This is a good video with Bruce Bartlett, an economist and former Reagan/Bush 41 official. He comes out in favor of stimulus, both on the monetary and the fiscal side.
Here’s his basic argument.
- The problem with the US economy in the main is not regulation. That is a canard used by corporations who are talking their own book and their boosters to get even less regulatory oversight than we already have.
- The problem is a lack of aggregate demand, meaning people are simply not increasing spending as they did before the credit crisis.
- You can boost demand by fiscal policy. Bartlett would like to see a large-scale public works program because he believes that the cost of debt is so low and the cost/benefit of these projects would be greater than zero. He realises this is blocked by political considerations.
- He also likes the Scott Sumner/David Beckworth idea of targeting nominal GDP. His view is that the interest rate channel is dead because of the zero lower bound. And that means, if you accept the Milton Friedman premise of buying assets, the Fed should just start buying stuff to boost aggregate demand.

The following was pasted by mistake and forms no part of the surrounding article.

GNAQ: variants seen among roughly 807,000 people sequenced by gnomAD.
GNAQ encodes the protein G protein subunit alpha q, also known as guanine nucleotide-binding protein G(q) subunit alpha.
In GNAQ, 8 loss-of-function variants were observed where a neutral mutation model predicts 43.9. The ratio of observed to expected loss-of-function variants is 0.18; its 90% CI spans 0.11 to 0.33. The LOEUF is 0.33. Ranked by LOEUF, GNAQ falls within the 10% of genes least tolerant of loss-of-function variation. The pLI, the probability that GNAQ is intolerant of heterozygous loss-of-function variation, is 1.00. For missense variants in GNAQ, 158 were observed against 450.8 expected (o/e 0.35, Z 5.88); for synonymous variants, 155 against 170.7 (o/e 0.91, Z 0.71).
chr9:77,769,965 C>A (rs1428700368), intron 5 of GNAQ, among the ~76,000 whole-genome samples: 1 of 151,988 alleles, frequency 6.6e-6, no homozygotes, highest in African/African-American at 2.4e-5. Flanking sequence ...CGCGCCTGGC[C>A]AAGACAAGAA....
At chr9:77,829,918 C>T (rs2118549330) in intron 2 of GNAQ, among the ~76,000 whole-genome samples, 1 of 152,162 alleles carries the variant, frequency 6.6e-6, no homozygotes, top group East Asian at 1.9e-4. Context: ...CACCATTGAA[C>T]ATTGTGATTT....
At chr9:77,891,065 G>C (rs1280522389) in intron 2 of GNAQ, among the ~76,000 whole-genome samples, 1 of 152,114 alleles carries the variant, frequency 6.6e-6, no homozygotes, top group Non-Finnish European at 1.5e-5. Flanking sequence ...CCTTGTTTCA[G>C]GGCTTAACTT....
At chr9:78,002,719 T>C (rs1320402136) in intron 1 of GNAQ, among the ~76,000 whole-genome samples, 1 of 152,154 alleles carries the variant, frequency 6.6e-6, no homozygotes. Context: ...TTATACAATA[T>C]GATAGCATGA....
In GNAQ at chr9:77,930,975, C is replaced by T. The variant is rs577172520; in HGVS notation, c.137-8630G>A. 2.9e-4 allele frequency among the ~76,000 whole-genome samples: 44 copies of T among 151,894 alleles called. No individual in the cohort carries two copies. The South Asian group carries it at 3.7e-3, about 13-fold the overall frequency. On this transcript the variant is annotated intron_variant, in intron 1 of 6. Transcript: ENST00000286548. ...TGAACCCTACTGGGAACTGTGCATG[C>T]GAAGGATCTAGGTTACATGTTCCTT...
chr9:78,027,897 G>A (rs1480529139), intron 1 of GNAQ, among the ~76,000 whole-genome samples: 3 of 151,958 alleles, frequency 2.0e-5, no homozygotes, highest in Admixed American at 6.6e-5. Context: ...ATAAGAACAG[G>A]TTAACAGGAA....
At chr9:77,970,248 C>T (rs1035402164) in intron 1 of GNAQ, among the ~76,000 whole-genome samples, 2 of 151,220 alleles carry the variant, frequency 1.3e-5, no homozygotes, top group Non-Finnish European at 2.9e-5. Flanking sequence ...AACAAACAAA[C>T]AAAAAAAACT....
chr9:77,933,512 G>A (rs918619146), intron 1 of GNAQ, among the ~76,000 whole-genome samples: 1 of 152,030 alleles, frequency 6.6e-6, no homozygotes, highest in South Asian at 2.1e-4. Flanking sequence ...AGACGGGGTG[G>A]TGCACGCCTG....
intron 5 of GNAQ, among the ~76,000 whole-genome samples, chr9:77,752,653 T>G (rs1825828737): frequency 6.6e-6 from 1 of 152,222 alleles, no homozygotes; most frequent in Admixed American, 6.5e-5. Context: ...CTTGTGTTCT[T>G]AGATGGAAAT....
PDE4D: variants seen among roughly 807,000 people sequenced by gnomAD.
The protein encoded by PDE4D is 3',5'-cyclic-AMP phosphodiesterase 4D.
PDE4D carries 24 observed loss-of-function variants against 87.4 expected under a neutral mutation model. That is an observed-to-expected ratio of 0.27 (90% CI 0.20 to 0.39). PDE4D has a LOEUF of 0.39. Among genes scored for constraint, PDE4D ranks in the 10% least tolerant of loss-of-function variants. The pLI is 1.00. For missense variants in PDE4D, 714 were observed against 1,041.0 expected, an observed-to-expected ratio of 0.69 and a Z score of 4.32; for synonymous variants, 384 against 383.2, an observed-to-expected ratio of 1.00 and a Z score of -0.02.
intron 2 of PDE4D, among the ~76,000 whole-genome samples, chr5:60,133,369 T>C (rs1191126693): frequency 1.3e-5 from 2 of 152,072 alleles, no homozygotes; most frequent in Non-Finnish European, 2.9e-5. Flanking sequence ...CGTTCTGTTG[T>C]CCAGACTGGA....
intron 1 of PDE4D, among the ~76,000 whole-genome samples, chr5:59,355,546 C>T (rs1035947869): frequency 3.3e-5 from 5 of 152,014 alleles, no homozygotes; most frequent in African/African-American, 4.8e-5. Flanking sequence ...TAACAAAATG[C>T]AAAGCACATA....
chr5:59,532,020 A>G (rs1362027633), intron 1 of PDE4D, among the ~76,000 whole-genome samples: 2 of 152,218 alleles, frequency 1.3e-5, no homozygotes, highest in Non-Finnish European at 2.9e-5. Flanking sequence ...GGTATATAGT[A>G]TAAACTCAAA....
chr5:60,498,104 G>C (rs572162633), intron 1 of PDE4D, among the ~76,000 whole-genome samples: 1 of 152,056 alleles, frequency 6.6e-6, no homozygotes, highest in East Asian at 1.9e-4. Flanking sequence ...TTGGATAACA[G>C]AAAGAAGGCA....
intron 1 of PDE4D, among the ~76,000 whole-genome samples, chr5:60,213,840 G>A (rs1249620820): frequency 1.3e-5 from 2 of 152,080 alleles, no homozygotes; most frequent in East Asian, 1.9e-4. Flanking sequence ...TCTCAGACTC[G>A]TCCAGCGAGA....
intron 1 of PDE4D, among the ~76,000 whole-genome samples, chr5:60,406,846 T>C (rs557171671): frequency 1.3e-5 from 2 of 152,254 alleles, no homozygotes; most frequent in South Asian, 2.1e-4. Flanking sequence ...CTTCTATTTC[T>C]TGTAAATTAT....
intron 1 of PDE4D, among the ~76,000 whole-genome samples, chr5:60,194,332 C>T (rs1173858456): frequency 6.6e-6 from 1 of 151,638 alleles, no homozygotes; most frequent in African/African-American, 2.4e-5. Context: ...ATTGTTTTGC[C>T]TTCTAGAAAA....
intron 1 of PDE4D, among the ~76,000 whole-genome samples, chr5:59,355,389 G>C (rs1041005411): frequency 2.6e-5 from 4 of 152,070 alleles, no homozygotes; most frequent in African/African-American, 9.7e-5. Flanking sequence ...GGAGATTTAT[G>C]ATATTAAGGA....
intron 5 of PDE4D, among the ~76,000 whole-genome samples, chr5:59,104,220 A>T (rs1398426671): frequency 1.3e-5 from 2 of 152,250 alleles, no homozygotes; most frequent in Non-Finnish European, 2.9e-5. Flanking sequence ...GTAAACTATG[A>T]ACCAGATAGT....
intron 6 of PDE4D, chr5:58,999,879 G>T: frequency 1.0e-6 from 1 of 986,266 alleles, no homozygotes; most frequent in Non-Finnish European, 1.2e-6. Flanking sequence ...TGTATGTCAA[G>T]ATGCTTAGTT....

Personally, I agree with Bartlett that dealing with Medicare for the long-term gives fiscal space politically for boosting demand now. That won’t happen though.
I also think Mohamed El-Erian is right when he intercedes, commenting that the Fed is considered to have done too much rather than too little. That will constrain the Fed. And they won’t buy a lot of assets until recession has taken hold.
So that leaves me predicting slowing without policy stimulus until recession hits, at which point the loss of demand will blow the deficit out even more. And then we will have to see what the political appetite for policy responses will be since the banking system and the economy will both be under enormous stress much as they were in 2008-2009.
This post originally appeared at Credit Writedowns and is reproduced with permission.